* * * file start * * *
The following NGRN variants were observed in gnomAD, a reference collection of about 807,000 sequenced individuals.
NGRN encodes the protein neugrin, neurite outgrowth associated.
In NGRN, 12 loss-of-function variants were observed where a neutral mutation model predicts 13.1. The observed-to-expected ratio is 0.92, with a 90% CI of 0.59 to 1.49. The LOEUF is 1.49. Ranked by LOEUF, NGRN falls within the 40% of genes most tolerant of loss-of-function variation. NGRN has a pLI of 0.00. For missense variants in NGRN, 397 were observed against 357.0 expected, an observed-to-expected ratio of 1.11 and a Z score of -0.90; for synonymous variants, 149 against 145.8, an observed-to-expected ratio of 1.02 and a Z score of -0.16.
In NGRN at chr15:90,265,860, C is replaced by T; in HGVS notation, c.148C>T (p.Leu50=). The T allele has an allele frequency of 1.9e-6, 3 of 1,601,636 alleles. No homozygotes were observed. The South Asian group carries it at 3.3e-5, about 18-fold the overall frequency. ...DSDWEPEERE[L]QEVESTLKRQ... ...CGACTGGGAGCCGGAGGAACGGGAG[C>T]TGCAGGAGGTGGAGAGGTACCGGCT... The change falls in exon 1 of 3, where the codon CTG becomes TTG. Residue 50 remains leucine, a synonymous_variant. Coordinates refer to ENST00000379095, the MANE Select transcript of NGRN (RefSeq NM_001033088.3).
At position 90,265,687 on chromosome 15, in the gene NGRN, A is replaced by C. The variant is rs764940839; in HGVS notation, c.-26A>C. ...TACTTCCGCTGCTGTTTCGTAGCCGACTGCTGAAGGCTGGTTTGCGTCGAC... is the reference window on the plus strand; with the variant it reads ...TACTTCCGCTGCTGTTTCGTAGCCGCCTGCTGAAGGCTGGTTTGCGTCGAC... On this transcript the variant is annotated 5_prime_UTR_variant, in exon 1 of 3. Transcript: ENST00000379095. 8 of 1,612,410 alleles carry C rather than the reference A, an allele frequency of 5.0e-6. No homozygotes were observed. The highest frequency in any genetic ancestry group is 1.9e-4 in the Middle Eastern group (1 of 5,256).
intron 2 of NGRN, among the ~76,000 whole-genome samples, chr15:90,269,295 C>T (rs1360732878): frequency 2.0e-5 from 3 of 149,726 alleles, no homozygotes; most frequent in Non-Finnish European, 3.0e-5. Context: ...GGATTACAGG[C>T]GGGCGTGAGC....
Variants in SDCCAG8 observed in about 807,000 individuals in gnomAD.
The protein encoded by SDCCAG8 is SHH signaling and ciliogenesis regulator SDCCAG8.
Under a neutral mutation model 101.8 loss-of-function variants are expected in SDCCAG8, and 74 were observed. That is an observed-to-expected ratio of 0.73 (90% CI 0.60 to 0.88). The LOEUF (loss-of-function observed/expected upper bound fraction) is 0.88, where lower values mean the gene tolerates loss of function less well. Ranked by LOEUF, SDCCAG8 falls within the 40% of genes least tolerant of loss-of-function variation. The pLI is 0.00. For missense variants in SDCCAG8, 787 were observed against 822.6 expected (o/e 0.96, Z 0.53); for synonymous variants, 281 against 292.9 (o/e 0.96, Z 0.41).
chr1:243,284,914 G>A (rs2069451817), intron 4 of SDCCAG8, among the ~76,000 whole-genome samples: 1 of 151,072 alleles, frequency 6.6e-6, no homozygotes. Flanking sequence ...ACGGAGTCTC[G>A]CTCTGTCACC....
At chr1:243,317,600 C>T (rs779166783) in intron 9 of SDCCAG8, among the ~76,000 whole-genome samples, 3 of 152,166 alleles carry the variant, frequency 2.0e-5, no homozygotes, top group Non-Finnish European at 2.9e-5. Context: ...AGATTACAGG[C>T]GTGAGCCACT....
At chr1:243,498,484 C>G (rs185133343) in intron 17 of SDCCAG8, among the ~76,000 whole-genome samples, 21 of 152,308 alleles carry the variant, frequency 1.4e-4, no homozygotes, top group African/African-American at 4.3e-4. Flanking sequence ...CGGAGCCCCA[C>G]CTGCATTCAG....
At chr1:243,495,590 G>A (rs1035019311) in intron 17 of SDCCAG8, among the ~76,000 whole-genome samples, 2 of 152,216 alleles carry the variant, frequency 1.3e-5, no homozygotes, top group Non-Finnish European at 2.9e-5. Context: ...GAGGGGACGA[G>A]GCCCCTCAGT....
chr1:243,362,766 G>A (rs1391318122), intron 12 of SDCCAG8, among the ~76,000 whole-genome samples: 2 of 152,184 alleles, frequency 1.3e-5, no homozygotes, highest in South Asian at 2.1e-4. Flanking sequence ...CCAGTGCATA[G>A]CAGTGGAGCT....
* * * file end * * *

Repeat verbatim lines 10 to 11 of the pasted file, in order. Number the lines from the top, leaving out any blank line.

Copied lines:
chr1:243,284,914 G>A (rs2069451817), intron 4 of SDCCAG8, among the ~76,000 whole-genome samples: 1 of 151,072 alleles, frequency 6.6e-6, no homozygotes. Flanking sequence ...ACGGAGTCTC[G>A]CTCTGTCACC....
At chr1:243,317,600 C>T (rs779166783) in intron 9 of SDCCAG8, among the ~76,000 whole-genome samples, 3 of 152,166 alleles carry the variant, frequency 2.0e-5, no homozygotes, top group Non-Finnish European at 2.9e-5. Context: ...AGATTACAGG[C>T]GTGAGCCACT....